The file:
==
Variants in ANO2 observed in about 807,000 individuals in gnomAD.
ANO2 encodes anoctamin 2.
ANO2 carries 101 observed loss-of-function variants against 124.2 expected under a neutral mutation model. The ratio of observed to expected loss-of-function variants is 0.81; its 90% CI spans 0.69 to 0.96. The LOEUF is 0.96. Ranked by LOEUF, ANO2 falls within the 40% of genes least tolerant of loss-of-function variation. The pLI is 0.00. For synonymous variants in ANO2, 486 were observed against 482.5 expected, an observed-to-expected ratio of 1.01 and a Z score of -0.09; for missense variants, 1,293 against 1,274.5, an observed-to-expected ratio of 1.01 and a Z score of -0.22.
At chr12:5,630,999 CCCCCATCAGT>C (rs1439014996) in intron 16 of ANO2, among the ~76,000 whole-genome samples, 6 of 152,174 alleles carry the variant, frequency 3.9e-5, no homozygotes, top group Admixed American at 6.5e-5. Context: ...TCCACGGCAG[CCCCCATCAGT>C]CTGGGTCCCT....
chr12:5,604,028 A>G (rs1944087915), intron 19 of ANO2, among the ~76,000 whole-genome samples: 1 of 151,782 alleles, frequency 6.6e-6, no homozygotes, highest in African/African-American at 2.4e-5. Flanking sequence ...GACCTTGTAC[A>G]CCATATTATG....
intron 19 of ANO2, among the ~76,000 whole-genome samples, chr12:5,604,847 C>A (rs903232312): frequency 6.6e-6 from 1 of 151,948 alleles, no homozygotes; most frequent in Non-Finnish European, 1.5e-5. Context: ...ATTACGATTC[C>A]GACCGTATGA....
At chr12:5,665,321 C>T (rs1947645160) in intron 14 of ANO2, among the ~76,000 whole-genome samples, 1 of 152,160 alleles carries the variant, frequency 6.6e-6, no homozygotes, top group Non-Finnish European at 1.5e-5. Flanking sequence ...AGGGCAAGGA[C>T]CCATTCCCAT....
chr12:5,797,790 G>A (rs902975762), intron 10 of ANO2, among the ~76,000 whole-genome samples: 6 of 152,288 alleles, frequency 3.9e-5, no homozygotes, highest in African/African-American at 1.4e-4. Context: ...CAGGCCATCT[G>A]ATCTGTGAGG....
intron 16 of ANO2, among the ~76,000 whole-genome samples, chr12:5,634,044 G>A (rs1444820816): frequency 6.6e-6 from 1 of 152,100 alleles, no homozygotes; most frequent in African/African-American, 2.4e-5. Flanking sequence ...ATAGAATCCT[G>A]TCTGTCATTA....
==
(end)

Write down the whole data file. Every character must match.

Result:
Variants in ANO2 observed in about 807,000 individuals in gnomAD.
ANO2 encodes anoctamin 2.
ANO2 carries 101 observed loss-of-function variants against 124.2 expected under a neutral mutation model. The ratio of observed to expected loss-of-function variants is 0.81; its 90% CI spans 0.69 to 0.96. The LOEUF is 0.96. Ranked by LOEUF, ANO2 falls within the 40% of genes least tolerant of loss-of-function variation. The pLI is 0.00. For synonymous variants in ANO2, 486 were observed against 482.5 expected, an observed-to-expected ratio of 1.01 and a Z score of -0.09; for missense variants, 1,293 against 1,274.5, an observed-to-expected ratio of 1.01 and a Z score of -0.22.
At chr12:5,630,999 CCCCCATCAGT>C (rs1439014996) in intron 16 of ANO2, among the ~76,000 whole-genome samples, 6 of 152,174 alleles carry the variant, frequency 3.9e-5, no homozygotes, top group Admixed American at 6.5e-5. Context: ...TCCACGGCAG[CCCCCATCAGT>C]CTGGGTCCCT....
chr12:5,604,028 A>G (rs1944087915), intron 19 of ANO2, among the ~76,000 whole-genome samples: 1 of 151,782 alleles, frequency 6.6e-6, no homozygotes, highest in African/African-American at 2.4e-5. Flanking sequence ...GACCTTGTAC[A>G]CCATATTATG....
intron 19 of ANO2, among the ~76,000 whole-genome samples, chr12:5,604,847 C>A (rs903232312): frequency 6.6e-6 from 1 of 151,948 alleles, no homozygotes; most frequent in Non-Finnish European, 1.5e-5. Context: ...ATTACGATTC[C>A]GACCGTATGA....
At chr12:5,665,321 C>T (rs1947645160) in intron 14 of ANO2, among the ~76,000 whole-genome samples, 1 of 152,160 alleles carries the variant, frequency 6.6e-6, no homozygotes, top group Non-Finnish European at 1.5e-5. Flanking sequence ...AGGGCAAGGA[C>T]CCATTCCCAT....
chr12:5,797,790 G>A (rs902975762), intron 10 of ANO2, among the ~76,000 whole-genome samples: 6 of 152,288 alleles, frequency 3.9e-5, no homozygotes, highest in African/African-American at 1.4e-4. Context: ...CAGGCCATCT[G>A]ATCTGTGAGG....
intron 16 of ANO2, among the ~76,000 whole-genome samples, chr12:5,634,044 G>A (rs1444820816): frequency 6.6e-6 from 1 of 152,100 alleles, no homozygotes; most frequent in African/African-American, 2.4e-5. Flanking sequence ...ATAGAATCCT[G>A]TCTGTCATTA....